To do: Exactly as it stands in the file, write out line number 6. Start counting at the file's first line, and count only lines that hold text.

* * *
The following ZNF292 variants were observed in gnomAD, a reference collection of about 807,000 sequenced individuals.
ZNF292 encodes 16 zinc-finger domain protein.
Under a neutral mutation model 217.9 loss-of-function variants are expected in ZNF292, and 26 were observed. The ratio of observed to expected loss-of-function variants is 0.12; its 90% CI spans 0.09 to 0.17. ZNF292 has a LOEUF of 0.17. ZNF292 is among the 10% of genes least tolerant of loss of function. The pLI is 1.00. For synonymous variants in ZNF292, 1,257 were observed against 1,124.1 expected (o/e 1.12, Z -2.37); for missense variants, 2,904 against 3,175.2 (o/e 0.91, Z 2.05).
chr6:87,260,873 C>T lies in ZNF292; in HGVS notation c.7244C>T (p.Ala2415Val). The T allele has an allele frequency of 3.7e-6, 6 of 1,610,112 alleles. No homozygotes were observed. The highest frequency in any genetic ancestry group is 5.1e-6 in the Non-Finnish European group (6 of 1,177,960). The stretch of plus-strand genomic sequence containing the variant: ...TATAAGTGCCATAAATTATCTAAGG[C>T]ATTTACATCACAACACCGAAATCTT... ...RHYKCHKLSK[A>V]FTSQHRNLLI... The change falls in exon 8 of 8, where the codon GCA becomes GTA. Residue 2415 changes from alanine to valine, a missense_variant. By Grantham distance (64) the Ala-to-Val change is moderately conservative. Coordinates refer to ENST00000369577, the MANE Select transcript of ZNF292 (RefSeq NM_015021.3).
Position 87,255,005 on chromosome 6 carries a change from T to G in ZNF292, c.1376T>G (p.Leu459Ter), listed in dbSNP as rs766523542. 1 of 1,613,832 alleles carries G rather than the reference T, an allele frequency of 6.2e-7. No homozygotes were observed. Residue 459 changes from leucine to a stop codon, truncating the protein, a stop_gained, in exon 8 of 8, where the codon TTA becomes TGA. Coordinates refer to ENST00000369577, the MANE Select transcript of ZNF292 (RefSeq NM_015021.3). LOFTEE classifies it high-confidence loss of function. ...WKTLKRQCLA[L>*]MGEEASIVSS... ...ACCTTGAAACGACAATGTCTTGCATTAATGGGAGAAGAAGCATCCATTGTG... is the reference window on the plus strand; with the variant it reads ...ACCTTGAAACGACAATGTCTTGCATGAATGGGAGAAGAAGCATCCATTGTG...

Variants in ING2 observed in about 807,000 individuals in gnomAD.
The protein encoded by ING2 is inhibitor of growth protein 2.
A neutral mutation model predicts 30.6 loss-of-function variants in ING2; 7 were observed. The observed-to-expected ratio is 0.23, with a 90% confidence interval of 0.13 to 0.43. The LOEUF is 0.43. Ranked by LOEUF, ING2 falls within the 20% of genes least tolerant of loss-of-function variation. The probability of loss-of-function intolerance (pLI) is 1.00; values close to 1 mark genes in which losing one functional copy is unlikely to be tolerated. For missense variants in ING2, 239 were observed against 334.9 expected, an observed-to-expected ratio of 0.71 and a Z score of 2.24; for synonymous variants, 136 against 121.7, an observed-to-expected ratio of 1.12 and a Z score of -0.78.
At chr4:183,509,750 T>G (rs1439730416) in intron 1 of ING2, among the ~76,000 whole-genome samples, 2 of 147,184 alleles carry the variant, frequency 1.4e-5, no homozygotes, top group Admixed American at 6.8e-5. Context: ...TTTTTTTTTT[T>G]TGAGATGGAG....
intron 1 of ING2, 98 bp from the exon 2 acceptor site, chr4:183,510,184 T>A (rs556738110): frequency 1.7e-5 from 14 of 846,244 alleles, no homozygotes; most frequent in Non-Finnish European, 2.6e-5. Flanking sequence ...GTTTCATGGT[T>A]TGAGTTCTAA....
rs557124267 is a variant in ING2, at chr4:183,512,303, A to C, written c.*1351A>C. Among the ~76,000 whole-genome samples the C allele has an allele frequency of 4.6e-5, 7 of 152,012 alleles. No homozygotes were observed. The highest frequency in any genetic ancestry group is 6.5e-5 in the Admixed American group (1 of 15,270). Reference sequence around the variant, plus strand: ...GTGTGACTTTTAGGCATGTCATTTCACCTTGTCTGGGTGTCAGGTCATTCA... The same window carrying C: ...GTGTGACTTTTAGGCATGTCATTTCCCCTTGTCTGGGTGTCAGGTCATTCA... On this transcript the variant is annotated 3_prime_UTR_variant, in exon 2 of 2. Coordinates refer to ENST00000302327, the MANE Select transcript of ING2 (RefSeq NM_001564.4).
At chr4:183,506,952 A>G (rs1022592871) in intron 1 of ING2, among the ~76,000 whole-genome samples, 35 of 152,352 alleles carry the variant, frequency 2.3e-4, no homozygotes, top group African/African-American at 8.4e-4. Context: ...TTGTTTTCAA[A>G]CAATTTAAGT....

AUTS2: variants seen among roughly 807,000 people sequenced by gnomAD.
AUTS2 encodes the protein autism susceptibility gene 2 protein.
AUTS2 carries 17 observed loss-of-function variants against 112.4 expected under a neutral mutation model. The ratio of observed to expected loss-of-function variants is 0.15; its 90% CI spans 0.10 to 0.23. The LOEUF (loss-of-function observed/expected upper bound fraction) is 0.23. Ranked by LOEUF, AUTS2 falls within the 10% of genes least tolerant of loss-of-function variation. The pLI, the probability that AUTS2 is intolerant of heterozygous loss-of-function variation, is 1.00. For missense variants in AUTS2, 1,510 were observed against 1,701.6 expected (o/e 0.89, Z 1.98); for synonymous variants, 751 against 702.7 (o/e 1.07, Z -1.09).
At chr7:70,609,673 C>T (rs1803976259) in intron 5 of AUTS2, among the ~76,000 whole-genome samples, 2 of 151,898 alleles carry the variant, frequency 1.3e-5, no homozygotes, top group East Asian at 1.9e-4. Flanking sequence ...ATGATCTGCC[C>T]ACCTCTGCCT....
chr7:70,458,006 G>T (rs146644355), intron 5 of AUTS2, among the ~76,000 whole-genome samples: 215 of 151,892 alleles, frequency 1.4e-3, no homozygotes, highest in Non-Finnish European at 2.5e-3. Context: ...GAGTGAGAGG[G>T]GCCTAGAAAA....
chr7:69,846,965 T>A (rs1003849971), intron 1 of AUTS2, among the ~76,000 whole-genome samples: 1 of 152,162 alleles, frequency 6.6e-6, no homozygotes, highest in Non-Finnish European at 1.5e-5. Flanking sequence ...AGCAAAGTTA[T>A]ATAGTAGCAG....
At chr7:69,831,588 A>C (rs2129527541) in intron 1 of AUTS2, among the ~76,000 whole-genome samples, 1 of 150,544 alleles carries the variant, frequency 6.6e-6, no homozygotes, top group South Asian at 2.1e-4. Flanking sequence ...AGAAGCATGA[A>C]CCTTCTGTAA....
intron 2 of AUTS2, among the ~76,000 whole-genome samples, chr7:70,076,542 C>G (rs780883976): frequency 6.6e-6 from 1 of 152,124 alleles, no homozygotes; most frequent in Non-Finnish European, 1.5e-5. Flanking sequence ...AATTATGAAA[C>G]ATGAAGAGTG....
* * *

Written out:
Variants in ING2 observed in about 807,000 individuals in gnomAD.